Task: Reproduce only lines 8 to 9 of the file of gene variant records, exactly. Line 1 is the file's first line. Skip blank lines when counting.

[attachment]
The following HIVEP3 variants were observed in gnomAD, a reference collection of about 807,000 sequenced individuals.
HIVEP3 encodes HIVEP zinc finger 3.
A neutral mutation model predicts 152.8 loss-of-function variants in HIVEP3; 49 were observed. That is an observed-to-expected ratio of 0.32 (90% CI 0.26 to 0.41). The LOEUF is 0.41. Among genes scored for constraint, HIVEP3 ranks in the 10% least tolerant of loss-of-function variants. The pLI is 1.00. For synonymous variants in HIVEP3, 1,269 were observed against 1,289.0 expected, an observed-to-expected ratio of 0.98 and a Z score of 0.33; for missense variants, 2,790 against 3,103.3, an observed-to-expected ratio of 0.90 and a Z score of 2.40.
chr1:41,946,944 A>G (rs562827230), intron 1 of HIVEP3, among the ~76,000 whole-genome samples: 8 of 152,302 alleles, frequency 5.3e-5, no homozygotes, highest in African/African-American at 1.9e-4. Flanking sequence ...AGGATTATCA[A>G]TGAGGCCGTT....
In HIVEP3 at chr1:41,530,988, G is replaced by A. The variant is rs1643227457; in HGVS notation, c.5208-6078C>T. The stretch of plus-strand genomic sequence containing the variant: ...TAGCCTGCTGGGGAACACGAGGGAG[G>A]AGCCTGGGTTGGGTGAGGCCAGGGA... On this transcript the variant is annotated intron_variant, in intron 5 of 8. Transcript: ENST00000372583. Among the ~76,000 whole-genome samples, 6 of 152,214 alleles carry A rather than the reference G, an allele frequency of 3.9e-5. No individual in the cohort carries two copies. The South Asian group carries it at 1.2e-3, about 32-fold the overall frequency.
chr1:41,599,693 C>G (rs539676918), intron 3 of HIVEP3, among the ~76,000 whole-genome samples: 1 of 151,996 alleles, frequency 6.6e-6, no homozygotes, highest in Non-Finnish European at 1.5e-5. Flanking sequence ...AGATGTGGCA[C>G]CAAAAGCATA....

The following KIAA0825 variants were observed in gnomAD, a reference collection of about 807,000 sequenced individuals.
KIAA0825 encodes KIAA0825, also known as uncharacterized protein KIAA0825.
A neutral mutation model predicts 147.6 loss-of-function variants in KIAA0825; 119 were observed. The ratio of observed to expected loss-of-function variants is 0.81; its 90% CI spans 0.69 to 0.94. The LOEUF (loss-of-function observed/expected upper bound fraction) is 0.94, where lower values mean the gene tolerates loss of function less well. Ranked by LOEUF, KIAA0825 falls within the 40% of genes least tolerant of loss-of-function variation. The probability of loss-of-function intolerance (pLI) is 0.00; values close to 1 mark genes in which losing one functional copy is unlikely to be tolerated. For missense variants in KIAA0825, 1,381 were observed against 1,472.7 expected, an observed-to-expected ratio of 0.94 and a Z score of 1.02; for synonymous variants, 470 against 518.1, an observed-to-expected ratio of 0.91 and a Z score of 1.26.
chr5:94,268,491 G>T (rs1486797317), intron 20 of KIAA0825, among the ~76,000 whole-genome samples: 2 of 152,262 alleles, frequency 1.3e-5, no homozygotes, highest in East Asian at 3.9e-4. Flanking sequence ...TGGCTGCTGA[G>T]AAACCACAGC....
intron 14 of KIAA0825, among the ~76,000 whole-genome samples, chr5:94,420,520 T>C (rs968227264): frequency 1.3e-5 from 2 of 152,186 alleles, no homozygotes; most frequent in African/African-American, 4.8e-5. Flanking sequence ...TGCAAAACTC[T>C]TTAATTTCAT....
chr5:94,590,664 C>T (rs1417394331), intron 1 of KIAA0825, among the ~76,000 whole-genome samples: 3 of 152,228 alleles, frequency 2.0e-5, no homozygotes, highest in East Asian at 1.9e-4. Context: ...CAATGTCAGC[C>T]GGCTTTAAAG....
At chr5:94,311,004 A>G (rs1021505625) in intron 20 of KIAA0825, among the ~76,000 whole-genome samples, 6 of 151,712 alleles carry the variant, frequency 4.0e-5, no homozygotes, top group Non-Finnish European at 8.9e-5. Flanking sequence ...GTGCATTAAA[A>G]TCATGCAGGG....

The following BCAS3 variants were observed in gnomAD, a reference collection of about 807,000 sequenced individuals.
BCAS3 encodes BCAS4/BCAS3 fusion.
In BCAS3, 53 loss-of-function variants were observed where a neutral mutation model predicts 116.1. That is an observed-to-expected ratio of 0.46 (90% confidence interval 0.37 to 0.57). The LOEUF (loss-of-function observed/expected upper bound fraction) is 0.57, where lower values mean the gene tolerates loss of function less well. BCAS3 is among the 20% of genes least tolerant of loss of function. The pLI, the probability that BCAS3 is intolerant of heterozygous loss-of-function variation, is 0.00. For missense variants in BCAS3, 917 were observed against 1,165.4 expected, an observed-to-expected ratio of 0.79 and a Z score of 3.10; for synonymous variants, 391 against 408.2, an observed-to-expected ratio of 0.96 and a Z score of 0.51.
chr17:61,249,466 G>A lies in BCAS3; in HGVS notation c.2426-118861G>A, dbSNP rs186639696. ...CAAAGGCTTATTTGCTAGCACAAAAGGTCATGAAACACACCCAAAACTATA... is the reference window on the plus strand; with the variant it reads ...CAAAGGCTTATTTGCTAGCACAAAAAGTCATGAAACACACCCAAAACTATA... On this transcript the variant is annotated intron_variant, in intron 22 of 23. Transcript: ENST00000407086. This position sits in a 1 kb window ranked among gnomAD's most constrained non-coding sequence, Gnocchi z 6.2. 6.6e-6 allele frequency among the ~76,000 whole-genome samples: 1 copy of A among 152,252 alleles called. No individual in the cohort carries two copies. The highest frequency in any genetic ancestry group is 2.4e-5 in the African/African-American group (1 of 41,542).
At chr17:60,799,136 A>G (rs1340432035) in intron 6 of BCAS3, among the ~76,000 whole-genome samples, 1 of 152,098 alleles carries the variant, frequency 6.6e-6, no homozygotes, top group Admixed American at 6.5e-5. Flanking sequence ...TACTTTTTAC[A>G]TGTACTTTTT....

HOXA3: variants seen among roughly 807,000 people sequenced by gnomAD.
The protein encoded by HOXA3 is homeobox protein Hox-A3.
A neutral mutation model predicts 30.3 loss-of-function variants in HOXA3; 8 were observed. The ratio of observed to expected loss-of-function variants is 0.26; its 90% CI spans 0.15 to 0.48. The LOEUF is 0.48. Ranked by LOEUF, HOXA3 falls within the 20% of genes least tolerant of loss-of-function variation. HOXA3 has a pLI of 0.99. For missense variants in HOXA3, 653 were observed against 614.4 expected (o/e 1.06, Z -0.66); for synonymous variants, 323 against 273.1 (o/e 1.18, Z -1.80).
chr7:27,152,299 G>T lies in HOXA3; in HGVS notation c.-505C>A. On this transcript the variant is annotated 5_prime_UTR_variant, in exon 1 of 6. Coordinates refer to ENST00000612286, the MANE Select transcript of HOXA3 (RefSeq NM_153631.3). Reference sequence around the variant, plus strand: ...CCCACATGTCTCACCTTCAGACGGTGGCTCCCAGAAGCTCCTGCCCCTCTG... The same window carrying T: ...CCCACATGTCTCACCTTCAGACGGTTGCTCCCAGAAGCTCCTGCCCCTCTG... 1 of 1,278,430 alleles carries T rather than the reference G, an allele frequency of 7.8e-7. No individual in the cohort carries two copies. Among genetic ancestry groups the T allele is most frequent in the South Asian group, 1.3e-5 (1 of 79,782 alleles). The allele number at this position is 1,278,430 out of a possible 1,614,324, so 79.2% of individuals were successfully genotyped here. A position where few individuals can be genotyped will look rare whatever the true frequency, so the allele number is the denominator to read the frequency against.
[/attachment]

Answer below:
KIAA0825 encodes KIAA0825, also known as uncharacterized protein KIAA0825.
A neutral mutation model predicts 147.6 loss-of-function variants in KIAA0825; 119 were observed. The ratio of observed to expected loss-of-function variants is 0.81; its 90% CI spans 0.69 to 0.94. The LOEUF (loss-of-function observed/expected upper bound fraction) is 0.94, where lower values mean the gene tolerates loss of function less well. Ranked by LOEUF, KIAA0825 falls within the 40% of genes least tolerant of loss-of-function variation. The probability of loss-of-function intolerance (pLI) is 0.00; values close to 1 mark genes in which losing one functional copy is unlikely to be tolerated. For missense variants in KIAA0825, 1,381 were observed against 1,472.7 expected, an observed-to-expected ratio of 0.94 and a Z score of 1.02; for synonymous variants, 470 against 518.1, an observed-to-expected ratio of 0.91 and a Z score of 1.26.